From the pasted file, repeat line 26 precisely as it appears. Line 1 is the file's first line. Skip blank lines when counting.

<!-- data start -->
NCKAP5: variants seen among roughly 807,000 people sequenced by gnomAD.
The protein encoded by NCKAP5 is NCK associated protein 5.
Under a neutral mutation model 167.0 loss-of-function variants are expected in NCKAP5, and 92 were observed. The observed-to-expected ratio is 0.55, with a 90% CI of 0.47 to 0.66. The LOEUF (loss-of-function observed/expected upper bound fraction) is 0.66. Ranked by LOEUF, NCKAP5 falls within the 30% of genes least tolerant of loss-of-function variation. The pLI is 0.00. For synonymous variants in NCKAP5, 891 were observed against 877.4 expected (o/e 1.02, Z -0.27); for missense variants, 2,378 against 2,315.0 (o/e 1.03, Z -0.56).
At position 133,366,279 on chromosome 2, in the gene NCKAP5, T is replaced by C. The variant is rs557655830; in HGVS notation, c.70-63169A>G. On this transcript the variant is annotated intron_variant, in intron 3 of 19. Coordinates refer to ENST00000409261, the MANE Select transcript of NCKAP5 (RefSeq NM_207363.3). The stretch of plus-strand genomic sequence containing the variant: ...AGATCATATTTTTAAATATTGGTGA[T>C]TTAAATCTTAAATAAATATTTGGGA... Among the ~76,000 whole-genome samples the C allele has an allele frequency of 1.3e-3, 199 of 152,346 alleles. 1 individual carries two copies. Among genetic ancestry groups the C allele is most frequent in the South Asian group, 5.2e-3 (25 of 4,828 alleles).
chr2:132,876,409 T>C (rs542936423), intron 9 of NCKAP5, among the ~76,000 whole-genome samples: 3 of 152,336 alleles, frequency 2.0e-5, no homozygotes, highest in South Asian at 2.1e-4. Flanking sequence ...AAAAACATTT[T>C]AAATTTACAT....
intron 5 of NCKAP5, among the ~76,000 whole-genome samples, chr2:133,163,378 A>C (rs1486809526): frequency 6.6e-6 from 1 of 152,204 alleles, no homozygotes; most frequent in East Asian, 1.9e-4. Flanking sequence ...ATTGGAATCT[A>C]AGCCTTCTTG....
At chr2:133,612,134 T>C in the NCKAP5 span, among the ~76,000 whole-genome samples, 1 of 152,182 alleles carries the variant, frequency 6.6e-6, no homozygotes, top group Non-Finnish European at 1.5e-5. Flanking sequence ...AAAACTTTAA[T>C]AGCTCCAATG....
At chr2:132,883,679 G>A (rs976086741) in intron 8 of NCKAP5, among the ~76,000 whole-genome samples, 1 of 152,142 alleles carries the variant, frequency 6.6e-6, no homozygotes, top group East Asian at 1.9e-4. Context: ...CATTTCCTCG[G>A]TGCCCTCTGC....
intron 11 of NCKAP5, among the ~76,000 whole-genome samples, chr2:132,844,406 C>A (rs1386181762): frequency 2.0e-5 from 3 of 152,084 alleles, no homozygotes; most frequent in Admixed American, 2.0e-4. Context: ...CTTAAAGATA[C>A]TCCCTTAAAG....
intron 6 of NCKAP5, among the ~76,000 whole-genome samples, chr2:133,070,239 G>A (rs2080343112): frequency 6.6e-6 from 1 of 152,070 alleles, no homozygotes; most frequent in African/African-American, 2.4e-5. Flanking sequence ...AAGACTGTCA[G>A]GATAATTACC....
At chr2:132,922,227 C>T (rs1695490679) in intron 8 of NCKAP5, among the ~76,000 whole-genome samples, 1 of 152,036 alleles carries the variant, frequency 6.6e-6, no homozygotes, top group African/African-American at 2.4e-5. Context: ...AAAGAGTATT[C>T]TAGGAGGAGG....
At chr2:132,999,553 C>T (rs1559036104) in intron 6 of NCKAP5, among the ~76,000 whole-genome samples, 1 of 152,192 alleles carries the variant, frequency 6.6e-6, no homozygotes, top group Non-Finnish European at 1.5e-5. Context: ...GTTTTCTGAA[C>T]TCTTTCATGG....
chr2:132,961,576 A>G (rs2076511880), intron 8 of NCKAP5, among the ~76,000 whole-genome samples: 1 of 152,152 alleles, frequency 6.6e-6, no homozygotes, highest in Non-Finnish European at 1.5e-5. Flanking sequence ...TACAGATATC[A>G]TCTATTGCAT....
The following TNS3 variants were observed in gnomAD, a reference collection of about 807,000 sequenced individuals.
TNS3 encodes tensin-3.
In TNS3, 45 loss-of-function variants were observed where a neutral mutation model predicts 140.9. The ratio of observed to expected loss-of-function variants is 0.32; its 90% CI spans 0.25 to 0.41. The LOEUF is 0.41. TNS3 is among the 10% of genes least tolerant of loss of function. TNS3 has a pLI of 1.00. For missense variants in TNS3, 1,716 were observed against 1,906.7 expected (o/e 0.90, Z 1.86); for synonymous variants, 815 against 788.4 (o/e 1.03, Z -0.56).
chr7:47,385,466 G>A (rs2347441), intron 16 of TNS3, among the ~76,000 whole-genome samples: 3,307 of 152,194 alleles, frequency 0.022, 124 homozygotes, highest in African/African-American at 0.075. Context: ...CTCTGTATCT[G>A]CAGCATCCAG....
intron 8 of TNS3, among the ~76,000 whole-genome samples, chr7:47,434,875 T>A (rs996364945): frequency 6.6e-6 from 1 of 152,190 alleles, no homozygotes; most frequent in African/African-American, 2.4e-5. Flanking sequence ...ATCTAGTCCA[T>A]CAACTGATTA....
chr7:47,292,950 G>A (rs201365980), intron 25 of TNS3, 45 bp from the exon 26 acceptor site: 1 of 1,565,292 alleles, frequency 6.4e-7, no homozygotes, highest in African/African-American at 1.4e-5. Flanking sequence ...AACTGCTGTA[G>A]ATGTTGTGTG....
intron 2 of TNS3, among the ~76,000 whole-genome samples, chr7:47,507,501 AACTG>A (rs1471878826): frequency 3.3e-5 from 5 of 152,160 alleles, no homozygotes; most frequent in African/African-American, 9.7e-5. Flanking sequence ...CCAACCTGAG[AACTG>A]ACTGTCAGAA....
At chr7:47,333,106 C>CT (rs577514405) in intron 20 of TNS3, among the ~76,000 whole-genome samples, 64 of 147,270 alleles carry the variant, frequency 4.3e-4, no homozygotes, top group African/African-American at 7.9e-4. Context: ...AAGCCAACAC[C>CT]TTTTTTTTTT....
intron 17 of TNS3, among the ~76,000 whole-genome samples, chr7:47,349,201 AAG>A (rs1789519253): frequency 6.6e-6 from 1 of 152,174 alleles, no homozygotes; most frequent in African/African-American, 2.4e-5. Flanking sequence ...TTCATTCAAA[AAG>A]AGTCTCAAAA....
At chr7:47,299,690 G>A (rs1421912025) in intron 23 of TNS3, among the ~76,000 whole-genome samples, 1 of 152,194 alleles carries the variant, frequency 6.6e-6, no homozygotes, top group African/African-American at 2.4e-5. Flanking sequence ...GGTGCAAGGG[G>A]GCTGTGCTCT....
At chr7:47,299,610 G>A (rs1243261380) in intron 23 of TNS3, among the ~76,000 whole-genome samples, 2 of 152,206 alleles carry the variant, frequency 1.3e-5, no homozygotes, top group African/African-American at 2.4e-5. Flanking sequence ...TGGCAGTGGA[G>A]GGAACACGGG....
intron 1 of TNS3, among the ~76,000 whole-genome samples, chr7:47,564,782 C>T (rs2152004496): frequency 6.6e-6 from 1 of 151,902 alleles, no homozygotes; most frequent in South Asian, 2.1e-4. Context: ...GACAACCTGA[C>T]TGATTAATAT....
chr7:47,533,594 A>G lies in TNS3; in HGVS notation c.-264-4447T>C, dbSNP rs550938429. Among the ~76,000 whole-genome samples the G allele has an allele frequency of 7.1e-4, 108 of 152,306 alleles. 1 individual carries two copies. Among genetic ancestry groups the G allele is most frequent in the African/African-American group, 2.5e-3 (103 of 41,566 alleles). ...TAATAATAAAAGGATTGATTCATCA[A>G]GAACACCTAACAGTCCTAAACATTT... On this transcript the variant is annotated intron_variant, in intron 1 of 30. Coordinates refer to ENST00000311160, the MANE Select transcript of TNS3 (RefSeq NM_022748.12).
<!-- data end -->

chr7:47,533,594 A>G lies in TNS3; in HGVS notation c.-264-4447T>C, dbSNP rs550938429. Among the ~76,000 whole-genome samples the G allele has an allele frequency of 7.1e-4, 108 of 152,306 alleles. 1 individual carries two copies. Among genetic ancestry groups the G allele is most frequent in the African/African-American group, 2.5e-3 (103 of 41,566 alleles). ...TAATAATAAAAGGATTGATTCATCA[A>G]GAACACCTAACAGTCCTAAACATTT... On this transcript the variant is annotated intron_variant, in intron 1 of 30. Coordinates refer to ENST00000311160, the MANE Select transcript of TNS3 (RefSeq NM_022748.12).